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Quick Test for His Bold Action : Living Standards Key for Gorbachev

October 03, 1988|MICHAEL PARKS | Times Staff Writer

MOSCOW — The dramatic victory that President Mikhail S. Gorbachev has won in reshaping the Kremlin's political hierarchy will quickly be reduced to the basics of Soviet life--how much food he can put on the table.

That yardstick may seem unfair for Gorbachev, who is engaged in making great and far-reaching changes in the whole Soviet system, but the quick test by which he will be judged will be his ability to improve Soviet living standards.

It was the failure of three years of perestroika, as his program of political, economic and social reforms is known, to improve living conditions that led him to act so boldly last week, dropping four veteran political figures from the ruling Politburo, bringing his supporters into the top echelons of the party and setting out on the course of radical change.

New Phase for Perestroika

"Perestroika and the renewal of our society have entered a new phase," he told the Supreme Soviet, the country's Parliament, after his election as president over the weekend. "We can no longer get by with just stormy discussions and meetings and analyses of the mistakes of the past.

"We need practical movement ahead, a genuine improvement of the situation in all directions of our work and especially where people's living standards are concerned. People see and understand our problems and difficulties, but they demand more decisive and energetic steps."

That was the sobering lesson Gorbachev brought back last month from the Siberian city of Krasnoyarsk, where he was heckled rather than cheered, and it set in motion the complex political maneuvers that, after a week of high drama, could change the course of Soviet history.

Since coming to power 3 1/2 years ago, Gorbachev had fought and won battle after battle over his reform policies, yet even after a special Communist Party conference three months ago, real victory remained elusive.

Government and party officials had such vested interests, personal as well as political, in the present system that they have effectively blocked many of Gorbachev's reforms and reshaped others to defeat their aims. For many such officials, their fight against reform has become a fight for their own survival.

As the political bickering and infighting has grown, the planned economic reforms have stalled. Major questions on economic strategy have been deferred, and the measures adopted over the past three years have been undercut.

Longer Lines, Discontent

The result has been no improvement, and by most accounts a worsening, in supplies of food and consumer goods, lengthening lines for what little is available and mounting discontent, quickly turning into open anger, among people who feel that perestroika is a political fraud.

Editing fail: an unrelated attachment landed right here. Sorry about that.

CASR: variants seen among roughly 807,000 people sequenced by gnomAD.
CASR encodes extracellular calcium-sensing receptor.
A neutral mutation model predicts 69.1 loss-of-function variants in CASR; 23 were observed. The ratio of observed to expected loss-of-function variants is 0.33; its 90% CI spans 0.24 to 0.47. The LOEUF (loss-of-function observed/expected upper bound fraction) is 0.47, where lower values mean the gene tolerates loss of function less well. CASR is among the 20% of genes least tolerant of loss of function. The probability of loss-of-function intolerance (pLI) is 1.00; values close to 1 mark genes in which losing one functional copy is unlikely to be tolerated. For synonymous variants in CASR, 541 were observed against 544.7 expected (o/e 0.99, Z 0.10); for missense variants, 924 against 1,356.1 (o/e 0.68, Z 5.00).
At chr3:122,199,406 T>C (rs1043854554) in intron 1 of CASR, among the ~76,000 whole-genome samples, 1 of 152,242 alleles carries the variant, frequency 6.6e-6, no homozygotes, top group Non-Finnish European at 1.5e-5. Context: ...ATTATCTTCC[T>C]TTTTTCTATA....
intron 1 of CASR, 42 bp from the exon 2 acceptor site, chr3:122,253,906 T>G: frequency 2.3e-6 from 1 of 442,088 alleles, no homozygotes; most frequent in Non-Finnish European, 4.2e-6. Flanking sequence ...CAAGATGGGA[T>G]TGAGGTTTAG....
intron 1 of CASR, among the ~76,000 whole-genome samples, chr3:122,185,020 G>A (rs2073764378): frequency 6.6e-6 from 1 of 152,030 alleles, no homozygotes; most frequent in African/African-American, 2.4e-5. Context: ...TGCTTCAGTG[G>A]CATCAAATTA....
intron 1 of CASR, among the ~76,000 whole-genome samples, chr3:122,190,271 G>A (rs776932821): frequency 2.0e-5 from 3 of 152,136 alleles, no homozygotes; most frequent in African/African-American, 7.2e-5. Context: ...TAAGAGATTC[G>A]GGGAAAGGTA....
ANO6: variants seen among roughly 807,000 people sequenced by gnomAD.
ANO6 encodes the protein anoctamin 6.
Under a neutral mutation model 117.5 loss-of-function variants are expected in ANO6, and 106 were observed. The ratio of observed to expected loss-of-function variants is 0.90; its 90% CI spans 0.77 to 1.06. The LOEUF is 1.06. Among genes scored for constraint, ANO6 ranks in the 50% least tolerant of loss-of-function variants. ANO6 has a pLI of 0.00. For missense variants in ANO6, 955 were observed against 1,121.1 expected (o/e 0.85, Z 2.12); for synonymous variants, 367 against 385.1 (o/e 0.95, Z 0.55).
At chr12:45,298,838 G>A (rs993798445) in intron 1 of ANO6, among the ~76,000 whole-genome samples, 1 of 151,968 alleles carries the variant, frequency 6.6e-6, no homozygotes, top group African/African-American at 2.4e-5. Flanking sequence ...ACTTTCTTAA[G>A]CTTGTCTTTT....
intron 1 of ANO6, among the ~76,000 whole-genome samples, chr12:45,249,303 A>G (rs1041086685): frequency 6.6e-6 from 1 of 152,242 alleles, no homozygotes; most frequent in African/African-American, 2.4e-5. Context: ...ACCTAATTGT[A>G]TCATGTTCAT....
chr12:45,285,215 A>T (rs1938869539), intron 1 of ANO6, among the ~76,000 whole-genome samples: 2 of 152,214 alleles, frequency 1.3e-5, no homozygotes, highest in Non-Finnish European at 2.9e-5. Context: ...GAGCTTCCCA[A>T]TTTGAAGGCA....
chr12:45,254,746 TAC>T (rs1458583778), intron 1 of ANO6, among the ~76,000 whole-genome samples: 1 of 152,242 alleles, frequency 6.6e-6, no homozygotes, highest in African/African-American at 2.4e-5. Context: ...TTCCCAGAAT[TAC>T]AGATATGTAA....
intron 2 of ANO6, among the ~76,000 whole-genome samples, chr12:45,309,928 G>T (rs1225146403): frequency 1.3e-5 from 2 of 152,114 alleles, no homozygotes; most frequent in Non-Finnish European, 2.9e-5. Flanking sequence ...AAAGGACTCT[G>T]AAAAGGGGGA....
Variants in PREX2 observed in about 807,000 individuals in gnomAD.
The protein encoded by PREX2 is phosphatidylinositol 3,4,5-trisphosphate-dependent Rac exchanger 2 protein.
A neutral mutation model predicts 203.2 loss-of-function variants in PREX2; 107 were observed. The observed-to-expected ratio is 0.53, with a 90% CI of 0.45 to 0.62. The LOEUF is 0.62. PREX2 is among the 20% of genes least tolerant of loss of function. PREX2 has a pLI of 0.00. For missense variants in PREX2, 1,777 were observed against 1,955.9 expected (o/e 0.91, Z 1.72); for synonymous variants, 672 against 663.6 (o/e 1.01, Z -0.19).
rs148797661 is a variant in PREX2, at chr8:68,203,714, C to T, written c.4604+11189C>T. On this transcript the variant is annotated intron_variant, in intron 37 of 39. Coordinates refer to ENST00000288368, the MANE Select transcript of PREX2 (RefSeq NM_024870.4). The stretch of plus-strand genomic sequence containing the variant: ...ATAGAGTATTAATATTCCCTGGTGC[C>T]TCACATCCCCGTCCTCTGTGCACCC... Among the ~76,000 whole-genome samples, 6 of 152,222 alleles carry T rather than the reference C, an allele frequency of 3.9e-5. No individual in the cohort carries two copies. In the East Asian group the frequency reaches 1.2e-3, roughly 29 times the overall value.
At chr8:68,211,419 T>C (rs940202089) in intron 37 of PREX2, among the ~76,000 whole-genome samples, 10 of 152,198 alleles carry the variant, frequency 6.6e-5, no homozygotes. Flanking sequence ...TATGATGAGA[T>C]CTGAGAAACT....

The people of Krasnoyarsk were blunt: There was no more food, and perhaps less, than there was three years ago. Housing, schools, public transport and facilities of all sorts were inadequate. And local bureaucrats, cushioned by their special, well-stocked stores, better housing, government cars and other privileges, were indifferent.

Gorbachev, perhaps as shocked by the evident lack of enthusiasm for his reforms among local Communist Party and government officials as he was by the hostile crowds, came back to Moscow impatient with the lack of progress and determined to accelerate and broaden perestroika.

"The impressions that Mikhail Sergeyevich brought from his trip to Krasnoyarsk confirmed the need for serious measures to reorganize the political system and the (government and party) apparatus," Vadim A. Medvedev, the party's new ideology chief, said of Gorbachev after last week's special meeting of the Central Committee that realigned the Kremlin leadership.

Deep, Longstanding Problems

The problems were deep and longstanding, and Gorbachev returned from Krasnoyarsk determined to take decisive action.

The thrust of his reforms, although reaffirmed at the party conference, had been blunted by debate within the Politburo over their nature and extent, and conservatives in the vast party and government bureaucracy had interpreted that debate, and the resulting drift on such key issues as economic strategy, as a license to delay or dilute the changes.

The country's whole political system, meanwhile, had remained geared to the old agenda, although the party conference had endorsed Gorbachev's call for a top-to-bottom reorganization of the party, the government and the economic administration.

And, perhaps most worrisome, the danger seemed to be growing of an anti-reform coup, the same sort of conservative conspiracy that brought down Nikita S. Khrushchev in 1964.

"We are losing time, and this means we are losing," Gorbachev told senior Soviet editors and party ideologists 10 days ago, signaling his determination to act and recover the political initiative.

Party Leadership Reshaped

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